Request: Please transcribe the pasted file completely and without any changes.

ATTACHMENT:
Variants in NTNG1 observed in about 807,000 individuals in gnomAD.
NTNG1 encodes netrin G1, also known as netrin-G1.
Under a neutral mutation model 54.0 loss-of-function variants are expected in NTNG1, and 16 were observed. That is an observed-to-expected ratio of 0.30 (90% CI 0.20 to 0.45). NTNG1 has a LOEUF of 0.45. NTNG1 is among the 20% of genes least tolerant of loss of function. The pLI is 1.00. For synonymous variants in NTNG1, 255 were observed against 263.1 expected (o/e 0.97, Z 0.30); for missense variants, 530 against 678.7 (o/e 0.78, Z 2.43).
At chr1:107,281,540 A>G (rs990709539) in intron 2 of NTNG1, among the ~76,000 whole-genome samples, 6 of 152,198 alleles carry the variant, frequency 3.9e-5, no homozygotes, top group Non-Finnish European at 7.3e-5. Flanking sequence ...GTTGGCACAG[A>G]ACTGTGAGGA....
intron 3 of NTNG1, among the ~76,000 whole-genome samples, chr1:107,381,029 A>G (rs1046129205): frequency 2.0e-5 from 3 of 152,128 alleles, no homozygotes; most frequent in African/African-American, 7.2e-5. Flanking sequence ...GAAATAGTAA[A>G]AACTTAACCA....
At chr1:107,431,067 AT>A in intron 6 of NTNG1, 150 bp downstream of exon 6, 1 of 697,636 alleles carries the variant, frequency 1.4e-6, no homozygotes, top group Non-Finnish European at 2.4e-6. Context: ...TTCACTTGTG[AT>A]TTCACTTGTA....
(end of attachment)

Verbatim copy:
Variants in NTNG1 observed in about 807,000 individuals in gnomAD.
NTNG1 encodes netrin G1, also known as netrin-G1.
Under a neutral mutation model 54.0 loss-of-function variants are expected in NTNG1, and 16 were observed. That is an observed-to-expected ratio of 0.30 (90% CI 0.20 to 0.45). NTNG1 has a LOEUF of 0.45. NTNG1 is among the 20% of genes least tolerant of loss of function. The pLI is 1.00. For synonymous variants in NTNG1, 255 were observed against 263.1 expected (o/e 0.97, Z 0.30); for missense variants, 530 against 678.7 (o/e 0.78, Z 2.43).
At chr1:107,281,540 A>G (rs990709539) in intron 2 of NTNG1, among the ~76,000 whole-genome samples, 6 of 152,198 alleles carry the variant, frequency 3.9e-5, no homozygotes, top group Non-Finnish European at 7.3e-5. Flanking sequence ...GTTGGCACAG[A>G]ACTGTGAGGA....
intron 3 of NTNG1, among the ~76,000 whole-genome samples, chr1:107,381,029 A>G (rs1046129205): frequency 2.0e-5 from 3 of 152,128 alleles, no homozygotes; most frequent in African/African-American, 7.2e-5. Flanking sequence ...GAAATAGTAA[A>G]AACTTAACCA....
At chr1:107,431,067 AT>A in intron 6 of NTNG1, 150 bp downstream of exon 6, 1 of 697,636 alleles carries the variant, frequency 1.4e-6, no homozygotes, top group Non-Finnish European at 2.4e-6. Context: ...TTCACTTGTG[AT>A]TTCACTTGTA....